7. Chimeric Recombinant Human Metapneumoviruses with the Nucleoprotein or Phosphoprotein Open Reading Frame Replaced by That of Avian Metapneumovirus Exhibit Improved Growth In Vitro and Attenuation In Vivo

    Science.gov (United States)

    Pham, Quynh N.; Biacchesi, Stéphane; Skiadopoulos, Mario H.; Murphy, Brian R.; Collins, Peter L.; Buchholz, Ursula J.

    2005-01-01

    Chimeric versions of recombinant human metapneumovirus (HMPV) were generated by replacing the nucleoprotein (N) or phosphoprotein (P) open reading frame with its counterpart from the closely related avian metapneumovirus (AMPV) subgroup C. In Vero cells, AMPV replicated to an approximately 100-fold-higher titer than HMPV. Surprisingly, the N and P chimeric viruses replicated to a peak titer that was 11- and 25-fold higher, respectively, than that of parental HMPV. The basis for this effect is not known but was not due to obvious changes in the efficiency of gene expression. AMPV and the N and P chimeras were evaluated for replication, immunogenicity, and protective efficacy in hamsters. AMPV was attenuated compared to HMPV in this mammalian host on day 5 postinfection, but not on day 3, and only in the nasal turbinates. In contrast, the N and P chimeras were reduced approximately 100-fold in both the upper and lower respiratory tract on day 3 postinfection, although there was little difference by day 5. The N and P chimeras induced a high level of neutralizing serum antibodies and protective efficacy against HMPV; AMPV was only weakly immunogenic and protective against HMPV challenge, reflecting antigenic differences. In African green monkeys immunized intranasally and intratracheally, the mean peak titer of the P chimera was reduced 100- and 1,000-fold in the upper and lower respiratory tracts, whereas the N chimera was reduced only 10-fold in the lower respiratory tract. Both chimeras were comparable to wild-type HMPV in immunogenicity and protective efficacy. Thus, the P chimera is a promising live HMPV vaccine candidate that paradoxically combines improved growth in vitro with attenuation in vivo. PMID:16306583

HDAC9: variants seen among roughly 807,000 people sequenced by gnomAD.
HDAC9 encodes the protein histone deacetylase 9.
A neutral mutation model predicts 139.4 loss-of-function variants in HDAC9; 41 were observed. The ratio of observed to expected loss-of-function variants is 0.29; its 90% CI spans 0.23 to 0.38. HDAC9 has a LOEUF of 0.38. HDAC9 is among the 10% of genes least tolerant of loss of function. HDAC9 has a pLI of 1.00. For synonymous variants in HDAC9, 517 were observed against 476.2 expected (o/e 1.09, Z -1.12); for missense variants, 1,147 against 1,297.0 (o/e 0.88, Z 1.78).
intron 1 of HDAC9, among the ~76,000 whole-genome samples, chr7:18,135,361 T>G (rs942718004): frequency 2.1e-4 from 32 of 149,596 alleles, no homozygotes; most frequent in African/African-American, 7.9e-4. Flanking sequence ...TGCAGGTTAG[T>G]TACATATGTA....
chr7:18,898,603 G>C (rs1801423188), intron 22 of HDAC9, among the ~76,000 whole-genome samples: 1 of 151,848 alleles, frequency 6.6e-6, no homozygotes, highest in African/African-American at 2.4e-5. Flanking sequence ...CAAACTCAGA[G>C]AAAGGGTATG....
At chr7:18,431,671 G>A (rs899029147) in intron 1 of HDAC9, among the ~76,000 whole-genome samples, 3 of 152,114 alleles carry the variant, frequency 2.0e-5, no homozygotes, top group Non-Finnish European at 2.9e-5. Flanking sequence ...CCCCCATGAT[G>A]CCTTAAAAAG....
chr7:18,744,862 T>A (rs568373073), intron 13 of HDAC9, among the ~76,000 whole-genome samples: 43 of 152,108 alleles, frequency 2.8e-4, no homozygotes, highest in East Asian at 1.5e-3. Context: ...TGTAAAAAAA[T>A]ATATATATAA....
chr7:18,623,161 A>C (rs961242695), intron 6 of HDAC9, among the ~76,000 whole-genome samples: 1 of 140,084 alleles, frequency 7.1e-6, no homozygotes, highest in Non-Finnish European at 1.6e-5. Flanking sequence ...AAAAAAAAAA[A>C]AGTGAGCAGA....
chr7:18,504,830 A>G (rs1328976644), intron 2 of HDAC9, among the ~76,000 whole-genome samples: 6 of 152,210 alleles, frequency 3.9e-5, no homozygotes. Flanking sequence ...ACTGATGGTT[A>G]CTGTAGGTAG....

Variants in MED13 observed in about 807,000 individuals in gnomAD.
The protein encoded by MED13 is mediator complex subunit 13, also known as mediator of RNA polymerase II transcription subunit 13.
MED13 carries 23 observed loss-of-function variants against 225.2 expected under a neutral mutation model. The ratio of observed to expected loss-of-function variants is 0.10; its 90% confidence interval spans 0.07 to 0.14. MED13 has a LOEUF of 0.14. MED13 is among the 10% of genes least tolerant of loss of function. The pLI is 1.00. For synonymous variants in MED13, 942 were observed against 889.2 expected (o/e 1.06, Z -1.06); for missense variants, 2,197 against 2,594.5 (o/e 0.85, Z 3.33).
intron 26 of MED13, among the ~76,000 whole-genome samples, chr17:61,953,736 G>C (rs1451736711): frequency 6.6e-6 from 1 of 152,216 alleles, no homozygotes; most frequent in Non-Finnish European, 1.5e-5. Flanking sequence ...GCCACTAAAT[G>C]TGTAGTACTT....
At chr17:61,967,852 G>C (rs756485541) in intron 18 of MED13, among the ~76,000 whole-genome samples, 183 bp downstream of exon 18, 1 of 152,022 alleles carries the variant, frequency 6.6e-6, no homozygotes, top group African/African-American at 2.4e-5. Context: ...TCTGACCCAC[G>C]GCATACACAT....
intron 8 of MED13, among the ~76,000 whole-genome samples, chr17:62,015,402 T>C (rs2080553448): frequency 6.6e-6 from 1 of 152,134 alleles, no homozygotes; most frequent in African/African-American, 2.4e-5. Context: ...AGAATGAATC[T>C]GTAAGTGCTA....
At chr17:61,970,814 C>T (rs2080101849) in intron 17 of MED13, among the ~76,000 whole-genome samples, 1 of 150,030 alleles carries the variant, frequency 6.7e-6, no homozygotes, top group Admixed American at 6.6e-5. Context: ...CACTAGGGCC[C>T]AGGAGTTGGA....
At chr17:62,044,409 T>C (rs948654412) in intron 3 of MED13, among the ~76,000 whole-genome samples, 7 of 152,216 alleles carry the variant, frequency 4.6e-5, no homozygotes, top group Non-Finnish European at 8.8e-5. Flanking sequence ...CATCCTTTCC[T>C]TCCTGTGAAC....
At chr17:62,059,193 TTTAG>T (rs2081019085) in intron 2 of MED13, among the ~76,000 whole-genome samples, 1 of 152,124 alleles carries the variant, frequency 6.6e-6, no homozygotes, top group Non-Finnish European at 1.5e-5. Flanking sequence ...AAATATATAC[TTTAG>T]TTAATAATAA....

8. Zm908p11, encoded by a short open reading frame (sORF) gene, functions in pollen tube growth as a profilin ligand in maize

    Science.gov (United States)

    Dong, Xue; Wang, Dongxue; Liu, Peng; Li, Chengxia; Zhao, Qian; Zhu, Dengyun; Yu, Jingjuan

    2013-01-01

    Double fertilization of flowering plants depends on the targeted transportation of sperm to the embryo sac by the pollen tube. Currently, little is known about the underlying molecular mechanisms that regulate pollen germination and pollen tube growth in maize (Zea mays). Here, a maize pollen-predominant gene Zm908, with several putative short open reading frames (sORFs), was isolated and characterized. The longest ORF of Zm908 encodes a small protein of 97 amino acids. This was designated as Zm908p11 and is distributed throughout the maize pollen tube. Western blot detected the small peptide in mature pollen. Quantitative reverse transcription–PCR and northern blot analysis revealed that Zm908p11 was expressed predominantly in mature pollen grains. Ectopic overexpression of full-length Zm908 and Zm908p11 in tobacco resulted in defective pollen, while transgenic tobacco plants with a site-specific mutation or a frameshift mutation of Zm908p11 showed normal pollen development. Overexpression of Zm908p11 in maize decreased pollen germination efficiency. Maize pollen cDNA library screening and protein–protein interaction assays demonstrated that Zm908p11 interacts with maize profilin 1 (ZmPRO1). A microarray analysis identified 273 up-regulated and 203 down-regulated genes in the overexpressing transgenic Zm908p11 pollen. Taken together, these results indicate that Zm908 functions as Zm908p11, and binds to profilins as a novel ligand, with a required role during pollen tube growth in maize. Accordingly, a model is proposed for the role of Zm908p11 during pollen tube growth in maize. PMID:23676884